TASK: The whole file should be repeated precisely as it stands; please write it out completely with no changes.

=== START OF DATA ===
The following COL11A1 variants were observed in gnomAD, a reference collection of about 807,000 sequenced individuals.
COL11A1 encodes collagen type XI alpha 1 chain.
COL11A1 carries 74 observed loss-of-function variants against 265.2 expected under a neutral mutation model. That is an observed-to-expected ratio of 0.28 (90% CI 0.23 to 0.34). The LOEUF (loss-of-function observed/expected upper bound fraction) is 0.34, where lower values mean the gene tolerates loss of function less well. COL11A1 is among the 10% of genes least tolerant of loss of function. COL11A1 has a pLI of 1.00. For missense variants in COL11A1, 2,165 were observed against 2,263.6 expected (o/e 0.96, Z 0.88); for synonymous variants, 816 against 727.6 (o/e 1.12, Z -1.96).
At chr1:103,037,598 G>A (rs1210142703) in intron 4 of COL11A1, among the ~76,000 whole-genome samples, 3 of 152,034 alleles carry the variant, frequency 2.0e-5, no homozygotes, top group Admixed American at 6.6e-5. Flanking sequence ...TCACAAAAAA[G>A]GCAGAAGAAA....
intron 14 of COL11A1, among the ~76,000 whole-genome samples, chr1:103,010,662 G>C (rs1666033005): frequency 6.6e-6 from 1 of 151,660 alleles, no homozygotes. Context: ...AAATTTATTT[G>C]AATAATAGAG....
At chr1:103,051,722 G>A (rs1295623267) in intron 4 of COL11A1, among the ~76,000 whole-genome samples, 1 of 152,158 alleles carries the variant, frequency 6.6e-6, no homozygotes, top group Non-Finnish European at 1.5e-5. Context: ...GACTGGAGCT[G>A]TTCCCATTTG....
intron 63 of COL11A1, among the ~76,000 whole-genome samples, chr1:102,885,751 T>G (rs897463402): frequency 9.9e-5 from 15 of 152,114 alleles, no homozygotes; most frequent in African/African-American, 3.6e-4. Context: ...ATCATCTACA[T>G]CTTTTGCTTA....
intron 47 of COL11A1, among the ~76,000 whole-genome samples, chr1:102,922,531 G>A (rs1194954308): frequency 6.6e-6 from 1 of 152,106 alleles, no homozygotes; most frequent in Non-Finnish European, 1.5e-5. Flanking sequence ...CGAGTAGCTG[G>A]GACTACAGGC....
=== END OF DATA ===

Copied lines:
The following COL11A1 variants were observed in gnomAD, a reference collection of about 807,000 sequenced individuals.
COL11A1 encodes collagen type XI alpha 1 chain.
COL11A1 carries 74 observed loss-of-function variants against 265.2 expected under a neutral mutation model. That is an observed-to-expected ratio of 0.28 (90% CI 0.23 to 0.34). The LOEUF (loss-of-function observed/expected upper bound fraction) is 0.34, where lower values mean the gene tolerates loss of function less well. COL11A1 is among the 10% of genes least tolerant of loss of function. COL11A1 has a pLI of 1.00. For missense variants in COL11A1, 2,165 were observed against 2,263.6 expected (o/e 0.96, Z 0.88); for synonymous variants, 816 against 727.6 (o/e 1.12, Z -1.96).
At chr1:103,037,598 G>A (rs1210142703) in intron 4 of COL11A1, among the ~76,000 whole-genome samples, 3 of 152,034 alleles carry the variant, frequency 2.0e-5, no homozygotes, top group Admixed American at 6.6e-5. Flanking sequence ...TCACAAAAAA[G>A]GCAGAAGAAA....
intron 14 of COL11A1, among the ~76,000 whole-genome samples, chr1:103,010,662 G>C (rs1666033005): frequency 6.6e-6 from 1 of 151,660 alleles, no homozygotes. Context: ...AAATTTATTT[G>C]AATAATAGAG....
At chr1:103,051,722 G>A (rs1295623267) in intron 4 of COL11A1, among the ~76,000 whole-genome samples, 1 of 152,158 alleles carries the variant, frequency 6.6e-6, no homozygotes, top group Non-Finnish European at 1.5e-5. Context: ...GACTGGAGCT[G>A]TTCCCATTTG....
intron 63 of COL11A1, among the ~76,000 whole-genome samples, chr1:102,885,751 T>G (rs897463402): frequency 9.9e-5 from 15 of 152,114 alleles, no homozygotes; most frequent in African/African-American, 3.6e-4. Context: ...ATCATCTACA[T>G]CTTTTGCTTA....
intron 47 of COL11A1, among the ~76,000 whole-genome samples, chr1:102,922,531 G>A (rs1194954308): frequency 6.6e-6 from 1 of 152,106 alleles, no homozygotes; most frequent in Non-Finnish European, 1.5e-5. Flanking sequence ...CGAGTAGCTG[G>A]GACTACAGGC....